Covering multiple countries all over the world, Skatro is widely received as one of the top mini-cruiser suppliers that are in existence. Starting from a very small office and humble beginnings, Skatro brand was determined to provide excellent care and respect to their clients while maintaining a quality product that is both mechanically sound as well as financially viable.
If Supreme wasn’t featured on this list, we might get a long list of hate in the comments, but I’m not adding it just to satisfy the hypebeasts. Over the past few years, what was previously dismissed as a brand that catered mostly to resellers has once again gained a spot at the forefront of what is important in skateboarding today. With the release of cherry in 2014, Supreme showed the world that they haven’t forgotten their roots, and reminded us they will always be a skateboard company first and foremost.
Lovenskate have produced a number of full-length videos throughout the 16 years of their existence, including the 2015 release Lovenskate – Smorgas’board although more recently they have followed the direction of skate media in general and concentrated on releasing shorter, rider-specific clips such as Jordan Thackeray’s Welcome clip and more recently the Batch Capture series.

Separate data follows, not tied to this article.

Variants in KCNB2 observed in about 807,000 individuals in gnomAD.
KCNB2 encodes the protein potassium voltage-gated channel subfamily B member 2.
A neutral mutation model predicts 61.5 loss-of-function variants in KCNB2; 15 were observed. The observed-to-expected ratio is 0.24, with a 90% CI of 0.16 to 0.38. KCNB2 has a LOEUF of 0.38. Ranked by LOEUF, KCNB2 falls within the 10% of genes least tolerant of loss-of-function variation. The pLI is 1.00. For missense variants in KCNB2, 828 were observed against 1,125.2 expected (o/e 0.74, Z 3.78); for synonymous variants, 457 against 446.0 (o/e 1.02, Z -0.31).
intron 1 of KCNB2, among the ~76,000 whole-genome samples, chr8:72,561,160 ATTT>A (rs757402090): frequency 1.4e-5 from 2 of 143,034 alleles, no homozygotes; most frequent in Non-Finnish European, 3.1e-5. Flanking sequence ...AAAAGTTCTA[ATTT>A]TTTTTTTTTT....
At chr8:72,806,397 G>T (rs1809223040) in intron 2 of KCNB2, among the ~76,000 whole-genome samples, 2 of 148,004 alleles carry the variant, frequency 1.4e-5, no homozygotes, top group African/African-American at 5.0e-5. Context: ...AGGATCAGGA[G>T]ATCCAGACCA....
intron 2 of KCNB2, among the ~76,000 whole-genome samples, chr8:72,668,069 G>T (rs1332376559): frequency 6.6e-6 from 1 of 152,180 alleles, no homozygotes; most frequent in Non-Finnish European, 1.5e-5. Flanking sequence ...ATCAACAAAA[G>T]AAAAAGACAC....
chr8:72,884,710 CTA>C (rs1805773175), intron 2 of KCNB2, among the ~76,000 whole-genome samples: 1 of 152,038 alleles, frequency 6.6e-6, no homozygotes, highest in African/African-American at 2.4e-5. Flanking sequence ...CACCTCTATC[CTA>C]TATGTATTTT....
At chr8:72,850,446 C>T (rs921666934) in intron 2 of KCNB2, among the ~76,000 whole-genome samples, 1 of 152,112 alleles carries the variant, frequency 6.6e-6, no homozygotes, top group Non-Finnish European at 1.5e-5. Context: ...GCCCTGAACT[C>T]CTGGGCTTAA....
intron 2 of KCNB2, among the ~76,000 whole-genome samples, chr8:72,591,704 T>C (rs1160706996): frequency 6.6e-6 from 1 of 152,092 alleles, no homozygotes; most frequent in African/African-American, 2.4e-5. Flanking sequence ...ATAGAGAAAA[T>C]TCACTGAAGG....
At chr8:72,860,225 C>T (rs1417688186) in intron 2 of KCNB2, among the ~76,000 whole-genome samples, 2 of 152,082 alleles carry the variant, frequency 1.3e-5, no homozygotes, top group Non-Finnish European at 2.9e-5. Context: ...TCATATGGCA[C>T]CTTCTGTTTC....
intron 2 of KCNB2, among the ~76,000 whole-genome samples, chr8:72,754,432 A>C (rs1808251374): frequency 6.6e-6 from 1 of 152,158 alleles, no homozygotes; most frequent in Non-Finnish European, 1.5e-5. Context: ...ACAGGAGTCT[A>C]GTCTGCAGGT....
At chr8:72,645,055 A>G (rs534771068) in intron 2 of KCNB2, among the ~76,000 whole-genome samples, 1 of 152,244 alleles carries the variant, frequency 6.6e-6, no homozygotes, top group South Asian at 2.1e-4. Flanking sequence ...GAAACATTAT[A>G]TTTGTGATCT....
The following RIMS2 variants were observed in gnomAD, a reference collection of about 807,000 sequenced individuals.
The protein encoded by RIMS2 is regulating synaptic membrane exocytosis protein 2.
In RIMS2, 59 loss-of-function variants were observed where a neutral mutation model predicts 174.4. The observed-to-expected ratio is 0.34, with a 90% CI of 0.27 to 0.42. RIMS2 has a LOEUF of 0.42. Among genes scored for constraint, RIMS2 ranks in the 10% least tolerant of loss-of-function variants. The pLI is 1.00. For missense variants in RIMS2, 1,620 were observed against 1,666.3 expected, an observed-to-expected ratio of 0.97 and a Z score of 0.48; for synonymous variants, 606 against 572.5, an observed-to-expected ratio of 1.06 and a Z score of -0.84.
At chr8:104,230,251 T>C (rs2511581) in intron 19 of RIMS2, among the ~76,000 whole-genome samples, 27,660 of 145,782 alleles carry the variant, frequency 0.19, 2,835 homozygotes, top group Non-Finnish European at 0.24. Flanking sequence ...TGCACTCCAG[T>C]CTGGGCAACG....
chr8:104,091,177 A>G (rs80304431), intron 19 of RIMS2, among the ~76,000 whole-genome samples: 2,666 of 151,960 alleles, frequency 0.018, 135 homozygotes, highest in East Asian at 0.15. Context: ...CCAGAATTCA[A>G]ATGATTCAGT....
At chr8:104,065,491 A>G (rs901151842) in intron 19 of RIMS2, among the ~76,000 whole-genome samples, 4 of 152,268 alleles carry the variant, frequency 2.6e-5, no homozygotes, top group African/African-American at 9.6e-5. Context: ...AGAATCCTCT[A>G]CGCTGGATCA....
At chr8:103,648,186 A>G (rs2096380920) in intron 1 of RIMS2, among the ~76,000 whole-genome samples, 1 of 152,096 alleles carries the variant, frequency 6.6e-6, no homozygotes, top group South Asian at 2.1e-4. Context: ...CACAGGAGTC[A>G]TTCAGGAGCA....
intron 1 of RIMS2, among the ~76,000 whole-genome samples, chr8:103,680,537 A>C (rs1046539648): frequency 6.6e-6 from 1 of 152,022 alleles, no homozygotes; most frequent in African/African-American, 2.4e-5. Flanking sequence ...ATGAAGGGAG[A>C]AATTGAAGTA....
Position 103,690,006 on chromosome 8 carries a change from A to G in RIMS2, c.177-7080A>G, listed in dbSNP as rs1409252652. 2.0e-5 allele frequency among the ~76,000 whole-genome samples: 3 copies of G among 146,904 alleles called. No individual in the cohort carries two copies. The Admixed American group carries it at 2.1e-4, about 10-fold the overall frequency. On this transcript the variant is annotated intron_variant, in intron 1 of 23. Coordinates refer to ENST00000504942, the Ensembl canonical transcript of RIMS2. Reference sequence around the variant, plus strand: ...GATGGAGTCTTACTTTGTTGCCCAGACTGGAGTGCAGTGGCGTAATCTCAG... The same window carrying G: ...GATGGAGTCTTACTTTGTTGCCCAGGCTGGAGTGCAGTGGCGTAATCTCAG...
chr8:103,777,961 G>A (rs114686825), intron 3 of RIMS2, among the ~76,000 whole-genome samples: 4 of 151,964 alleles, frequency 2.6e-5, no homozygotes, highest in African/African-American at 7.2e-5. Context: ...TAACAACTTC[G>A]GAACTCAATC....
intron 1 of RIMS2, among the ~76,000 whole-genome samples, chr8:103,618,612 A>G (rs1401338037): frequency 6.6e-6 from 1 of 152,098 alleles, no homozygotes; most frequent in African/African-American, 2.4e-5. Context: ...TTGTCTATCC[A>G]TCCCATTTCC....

Santa Cruz’s earliest videos Wheels of Fire (1987), Streets on Fire (1989), Speed Freaks (1989) A Reason for Living (1990) and Risk It (1990) are viewed today as paradigm-shifting releases which promoted interest in skateboarding globally by giving a platform to every kind of skateboarding that existed, from street and vert skating, through to the more niche genres such as slalom, downhill and freestyle, whilst at the same time retaining the aesthetic of skateboarding’s subcultural position in society.
By raising £790,000, the Long Live Southbank[70] initiative managed in 2017 to curb the destruction of a forty years old spot in London due to urban planning, a salvaging operation whose effect extends beyond skateboarding. The presence of a designated skating area within this public space keeps the space under nearly constant watch and drives homeless people away, increasing the feeling of safety in and near the space.[71] The activity attracts artists such as photographers and film makers, as well as a significant number of tourists, which in turn drives economic activity in the neighborhood.[72]